Traditional Japanese technique cools cities down

An old Japanese tradition of sprinkling water on the ground can reduce the urban heat island effect by up to 8 degrees Celsius. Authorities are now trying to revive the technique as a ‘smart way to stay cool’.

The Japanese developed a water sprinkling technique called uchimizu in the 17th century to reduce heat in urban areas. Water was poured around houses, temples and gardens to settle the dust and cool the surfaces and the air.

As Anna Solcerova, a researcher at Delft University of Technology, told participants at the General Assembly of the European Geosciences Union in Vienna on Monday, local authorities in mega-cities like Tokyo are trying to revive this traditional method in the face of rising urban temperatures.

As part of her PhD research, she set out to determine the precise cooling effect of uchimizu using a 3D Distributed Temperature Sensing (DTS) system that records air temperature in one specific cube metre of air. With 53 horizontal levels and more than 35,000 measurement points, the cube produces very precise measurements in time and space.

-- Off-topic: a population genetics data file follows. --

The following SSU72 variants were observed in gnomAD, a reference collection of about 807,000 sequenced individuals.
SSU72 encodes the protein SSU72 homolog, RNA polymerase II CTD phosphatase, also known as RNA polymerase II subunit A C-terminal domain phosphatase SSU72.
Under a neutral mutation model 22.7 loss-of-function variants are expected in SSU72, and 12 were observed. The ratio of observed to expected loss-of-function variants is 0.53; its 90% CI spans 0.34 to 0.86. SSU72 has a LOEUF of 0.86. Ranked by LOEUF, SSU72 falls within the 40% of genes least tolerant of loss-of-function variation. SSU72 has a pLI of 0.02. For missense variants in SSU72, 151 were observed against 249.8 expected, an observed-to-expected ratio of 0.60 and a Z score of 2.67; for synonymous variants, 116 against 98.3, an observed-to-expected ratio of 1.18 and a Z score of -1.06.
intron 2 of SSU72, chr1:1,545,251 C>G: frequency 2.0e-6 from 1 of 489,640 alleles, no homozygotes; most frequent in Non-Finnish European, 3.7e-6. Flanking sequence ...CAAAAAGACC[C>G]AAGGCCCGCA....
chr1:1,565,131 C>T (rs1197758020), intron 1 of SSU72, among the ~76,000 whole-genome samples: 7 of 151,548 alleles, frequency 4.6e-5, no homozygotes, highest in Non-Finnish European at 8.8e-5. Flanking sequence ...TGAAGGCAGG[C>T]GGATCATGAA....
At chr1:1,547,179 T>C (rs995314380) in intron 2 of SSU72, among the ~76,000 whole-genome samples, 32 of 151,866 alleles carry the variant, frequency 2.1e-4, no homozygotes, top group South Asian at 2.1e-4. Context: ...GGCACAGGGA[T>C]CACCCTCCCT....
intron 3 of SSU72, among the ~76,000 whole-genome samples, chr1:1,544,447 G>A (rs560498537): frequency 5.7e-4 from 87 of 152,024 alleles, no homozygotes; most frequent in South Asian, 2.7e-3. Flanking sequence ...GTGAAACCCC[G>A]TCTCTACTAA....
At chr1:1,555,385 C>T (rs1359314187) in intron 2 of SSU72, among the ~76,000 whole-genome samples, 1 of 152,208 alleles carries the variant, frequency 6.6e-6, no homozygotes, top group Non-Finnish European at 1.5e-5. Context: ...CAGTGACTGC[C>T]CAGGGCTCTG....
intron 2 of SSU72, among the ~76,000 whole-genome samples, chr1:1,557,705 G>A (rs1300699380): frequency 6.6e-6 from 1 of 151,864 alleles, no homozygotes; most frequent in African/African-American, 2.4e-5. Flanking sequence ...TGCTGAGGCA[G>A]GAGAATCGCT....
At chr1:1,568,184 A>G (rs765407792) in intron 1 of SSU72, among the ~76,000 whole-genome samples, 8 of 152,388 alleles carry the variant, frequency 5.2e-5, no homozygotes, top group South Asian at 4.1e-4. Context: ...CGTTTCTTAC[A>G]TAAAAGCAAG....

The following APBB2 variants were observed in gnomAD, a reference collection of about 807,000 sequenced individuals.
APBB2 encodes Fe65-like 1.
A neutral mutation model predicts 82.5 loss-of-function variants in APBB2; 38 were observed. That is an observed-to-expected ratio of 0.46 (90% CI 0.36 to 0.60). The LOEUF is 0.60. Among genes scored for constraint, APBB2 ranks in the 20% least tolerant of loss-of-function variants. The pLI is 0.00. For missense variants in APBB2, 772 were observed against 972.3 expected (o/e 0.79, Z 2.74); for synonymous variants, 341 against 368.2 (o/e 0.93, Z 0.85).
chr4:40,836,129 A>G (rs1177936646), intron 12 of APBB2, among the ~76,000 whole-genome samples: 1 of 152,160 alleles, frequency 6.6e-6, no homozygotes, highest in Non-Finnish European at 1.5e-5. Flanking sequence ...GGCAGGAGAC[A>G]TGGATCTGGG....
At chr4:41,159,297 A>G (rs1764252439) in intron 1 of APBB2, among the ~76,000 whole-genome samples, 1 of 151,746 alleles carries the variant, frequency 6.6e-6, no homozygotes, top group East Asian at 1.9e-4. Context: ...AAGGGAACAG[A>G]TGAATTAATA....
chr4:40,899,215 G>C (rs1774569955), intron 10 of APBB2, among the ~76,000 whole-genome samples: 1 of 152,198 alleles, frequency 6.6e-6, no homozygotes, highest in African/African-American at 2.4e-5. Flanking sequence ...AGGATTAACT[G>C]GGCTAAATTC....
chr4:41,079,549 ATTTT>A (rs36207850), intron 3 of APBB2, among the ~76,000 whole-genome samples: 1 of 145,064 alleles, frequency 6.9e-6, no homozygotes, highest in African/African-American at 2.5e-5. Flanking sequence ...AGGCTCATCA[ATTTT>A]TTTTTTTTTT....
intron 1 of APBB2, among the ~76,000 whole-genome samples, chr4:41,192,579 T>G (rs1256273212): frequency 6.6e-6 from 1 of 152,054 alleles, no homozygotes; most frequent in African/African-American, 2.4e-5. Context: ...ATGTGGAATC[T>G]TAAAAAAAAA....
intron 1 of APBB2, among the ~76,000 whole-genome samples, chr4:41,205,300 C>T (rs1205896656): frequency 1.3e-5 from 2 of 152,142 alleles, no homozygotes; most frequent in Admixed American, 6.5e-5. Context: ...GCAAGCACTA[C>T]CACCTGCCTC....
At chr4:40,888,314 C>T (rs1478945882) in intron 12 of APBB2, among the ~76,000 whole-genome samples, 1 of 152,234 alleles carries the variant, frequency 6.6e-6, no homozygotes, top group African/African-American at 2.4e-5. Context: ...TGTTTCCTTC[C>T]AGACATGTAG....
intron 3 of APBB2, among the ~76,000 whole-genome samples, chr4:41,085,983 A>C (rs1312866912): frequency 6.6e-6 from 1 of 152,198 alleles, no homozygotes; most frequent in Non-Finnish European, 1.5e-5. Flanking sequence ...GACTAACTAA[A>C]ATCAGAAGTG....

Her experiments revealed that uchimizu has a cooling effect of up to 8 degrees Celsius, with the greatest cooling at ground level as that is where the water is poured. But it can still cool the air by up to 2 degrees Celsius at 1.5 to 2 metres above the ground, or the height of an average person.

Uchimizu has the big advantage that it promotes citizen participation as anyone can pour water onto pavement without requiring permission from the authorities, says Solcerova. It also increases the awareness of city dwellers and encourages them to solve heat stress and save energy. Finally, it can be used anywhere in the world where rainwater is easily harvested.

 

Image credit: extremematsuri, flickr/Creative Commons

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